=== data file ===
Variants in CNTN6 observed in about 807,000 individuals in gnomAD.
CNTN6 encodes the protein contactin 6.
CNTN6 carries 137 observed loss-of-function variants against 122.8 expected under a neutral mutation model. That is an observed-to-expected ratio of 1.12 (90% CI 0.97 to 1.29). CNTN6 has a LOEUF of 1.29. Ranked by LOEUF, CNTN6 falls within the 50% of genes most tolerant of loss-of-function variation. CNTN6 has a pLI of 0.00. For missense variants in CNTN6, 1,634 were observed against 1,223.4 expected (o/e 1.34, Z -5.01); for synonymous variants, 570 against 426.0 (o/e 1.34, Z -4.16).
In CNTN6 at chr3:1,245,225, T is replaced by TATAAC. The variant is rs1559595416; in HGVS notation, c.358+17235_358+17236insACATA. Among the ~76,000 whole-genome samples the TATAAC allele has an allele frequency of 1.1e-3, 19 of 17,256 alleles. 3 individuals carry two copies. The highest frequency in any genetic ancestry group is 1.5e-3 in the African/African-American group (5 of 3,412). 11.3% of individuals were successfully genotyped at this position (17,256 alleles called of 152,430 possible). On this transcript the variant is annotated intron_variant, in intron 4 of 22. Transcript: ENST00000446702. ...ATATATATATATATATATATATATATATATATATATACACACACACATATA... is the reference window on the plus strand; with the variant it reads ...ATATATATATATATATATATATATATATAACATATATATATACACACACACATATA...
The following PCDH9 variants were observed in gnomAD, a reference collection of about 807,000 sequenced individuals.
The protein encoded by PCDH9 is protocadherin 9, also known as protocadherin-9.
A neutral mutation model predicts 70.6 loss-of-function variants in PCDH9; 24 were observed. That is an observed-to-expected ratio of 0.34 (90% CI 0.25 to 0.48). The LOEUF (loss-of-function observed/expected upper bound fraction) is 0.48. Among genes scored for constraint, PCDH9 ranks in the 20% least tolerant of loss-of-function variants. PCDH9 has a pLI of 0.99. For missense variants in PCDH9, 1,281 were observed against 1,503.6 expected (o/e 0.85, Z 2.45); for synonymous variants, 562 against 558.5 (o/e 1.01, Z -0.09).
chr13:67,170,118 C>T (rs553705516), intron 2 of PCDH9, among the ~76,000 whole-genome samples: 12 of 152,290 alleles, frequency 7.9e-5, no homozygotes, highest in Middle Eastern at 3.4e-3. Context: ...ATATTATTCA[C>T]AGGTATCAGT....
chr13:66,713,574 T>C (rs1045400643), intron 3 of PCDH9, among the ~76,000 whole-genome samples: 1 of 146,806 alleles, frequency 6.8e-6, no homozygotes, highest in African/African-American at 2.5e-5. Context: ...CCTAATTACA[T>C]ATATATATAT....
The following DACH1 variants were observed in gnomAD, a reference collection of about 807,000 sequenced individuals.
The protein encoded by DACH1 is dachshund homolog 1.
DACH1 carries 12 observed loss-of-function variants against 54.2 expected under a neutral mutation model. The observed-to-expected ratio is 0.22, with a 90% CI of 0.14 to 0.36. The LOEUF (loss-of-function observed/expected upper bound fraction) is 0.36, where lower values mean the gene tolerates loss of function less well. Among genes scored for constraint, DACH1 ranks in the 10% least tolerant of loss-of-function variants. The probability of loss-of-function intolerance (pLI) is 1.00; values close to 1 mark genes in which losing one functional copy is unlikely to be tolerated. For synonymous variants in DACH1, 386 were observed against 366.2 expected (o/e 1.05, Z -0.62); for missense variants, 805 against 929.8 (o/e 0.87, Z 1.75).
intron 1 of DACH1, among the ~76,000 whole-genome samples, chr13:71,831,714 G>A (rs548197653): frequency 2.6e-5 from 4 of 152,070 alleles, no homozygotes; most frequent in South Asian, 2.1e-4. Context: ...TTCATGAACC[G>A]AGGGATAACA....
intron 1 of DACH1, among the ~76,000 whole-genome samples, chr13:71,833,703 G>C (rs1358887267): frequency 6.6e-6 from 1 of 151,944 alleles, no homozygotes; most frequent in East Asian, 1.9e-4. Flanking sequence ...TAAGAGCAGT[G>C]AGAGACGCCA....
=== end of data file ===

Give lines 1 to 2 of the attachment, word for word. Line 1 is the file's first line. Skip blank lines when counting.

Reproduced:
Variants in CNTN6 observed in about 807,000 individuals in gnomAD.
CNTN6 encodes the protein contactin 6.